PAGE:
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Visit Phantom Isle: An Interview With Josh Pullen

Updated: Jun 28, 2020

Kooky glamour and New Wave go hand in hand, where cool cats can keep their air of mystery, but also rip-roaringly go for it on the dance floor. Hoping to keep the flames of that particular torch alight is London based Phantom Isle, who has already whipped up quite the storm with our friends over in Germany. Track MAR V is released on July 8th, and we found out from keys player Josh Pullen just why the rest of the world should get on board with them too.

Although the boys, Josh, Peter Marchant (Vocals/Guitar), Jonny Longland (Bass), and Sam Thorne (Drums), are a quartet now, this wasn’t always the case back in the beginning for the tight-knit group of friends. Josh begins, “We all grew up in and around Northampton, and the four of us all went to school together.” Relatively new to the scene, the band formed in early 2017 with half of living in Northampton and the other in London. As things were gathering momentum, life took a cruel and unexpected turn. “We used to be a five-piece with Pete’s brother Matt, but he tragically passed away from a brain tumour last year.” Leaving them more determined than ever to follow their musical hearts.

Phantom Isle is a classed as a new wave act, yes, but absorbs influences from many artists that bridge the gap between rock and electronic music. You can hear that New York-style coming through, where they wouldn’t be out of place, cutting their teeth at a grassroots gig back in the early 2000s. Pullen tends to agree, “For sure, we wanted to capture that early crossover of indie rock and house music. I was heavily borrowing from Soulwax and Simian Mobile Disco, and when you put guitars and live drums with it, you get that sound. We were definitely influenced by our recent tour in Germany, which opened us up to early Krautrock and the Dusseldorf music scene from the 70s.”

Josh attempted to complete the nearly impossible task in narrowing down their inspirations: “We can’t deny the LCD and possibly MGMT influence, but also late 70’s German electro-punk outfit DAF too. Their track Verschwende Deine Jugend is where we got the raw energy from.” Encompassing the knowledge that dancing gives great escapism to sunny, emotive, and freeing places, Phantom took a good, hard look at the direction of their work. “Previously, we were focusing on a standard song structure which doesn’t necessarily lend itself to danceability, so we wanted to flip it and try something different that builds and releases,” the keyboard maestro adds.

You are invited to cut lose to the hypnotic energy of single MAR V, but dig a little deeper, and you will hear lyrics that deal with worry and feeling dreadfully lonely. He tells us, “So Sam, our drummer, came up with the lyrics. He’s got a little black book of trials and tribulations which he dips into to get inspiration, and they’re very much about the anxiety of being alone, especially now. There is a wall of delayed vocal effects underneath the song, which gives you that sense of dread and anxiety. The song itself came from a remix Josh was working on, which turned into MAR V. It’s still called I Am Urs remix in his drum machine.”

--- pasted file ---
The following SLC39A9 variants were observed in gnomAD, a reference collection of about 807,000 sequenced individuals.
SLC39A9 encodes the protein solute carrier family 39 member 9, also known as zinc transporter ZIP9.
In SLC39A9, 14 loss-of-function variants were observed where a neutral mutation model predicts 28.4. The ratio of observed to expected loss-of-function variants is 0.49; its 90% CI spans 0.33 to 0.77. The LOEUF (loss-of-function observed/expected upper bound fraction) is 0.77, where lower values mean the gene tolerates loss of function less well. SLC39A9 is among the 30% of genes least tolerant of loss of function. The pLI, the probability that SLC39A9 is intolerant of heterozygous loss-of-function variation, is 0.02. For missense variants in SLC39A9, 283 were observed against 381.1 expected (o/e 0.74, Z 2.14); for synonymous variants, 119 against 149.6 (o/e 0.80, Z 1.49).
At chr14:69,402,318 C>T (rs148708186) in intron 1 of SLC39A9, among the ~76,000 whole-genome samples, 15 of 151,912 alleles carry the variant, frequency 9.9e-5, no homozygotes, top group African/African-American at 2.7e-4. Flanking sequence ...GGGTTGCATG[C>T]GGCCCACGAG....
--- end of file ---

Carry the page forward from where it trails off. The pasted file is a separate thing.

Accompanying the track is some lush greyscale artwork featuring a whole spectrum of characters from all walks of life, and lucky enough, they don't have to look too far to find an artist who gets their vibe. “We have an in-house illustrator, Jonny, our bassist, who came up with the artwork. The concept was characters at a party all out to get each other dressed as different archetypes. It captures the song's fun yet dark undertones,” he thinks.

And of course, with Germany’s love of edgy street art and history of electronic music, it’s no wonder they welcomed this keen lot in with open arms. Josh reminisces, “When we played the first night of the MaNo Musikfestival festival, we’d just got off the plane, and we were taken to play the first stage; the reception was incredible. We didn’t know what to expect; to see the crowd going mad just set us on a high for the rest of the weekend. Also, Jonny got electrocuted from swinging from a light fitting, but that was just funny. It was our first time there, and we certainly made an impression.”

To end, Pullen longs to capture that raw, exciting, live feeling that we all crave, but even just some normality in these tough times would suffice. “We might be asking too much right now. We’re gunning for the UK festival circuit next year and get an album out. With the planned release of four singles over the next six months and being in lockdown for the last three months, we want to party.” Many, we can bet, will be eager to join you.

Article by Beverley Knight

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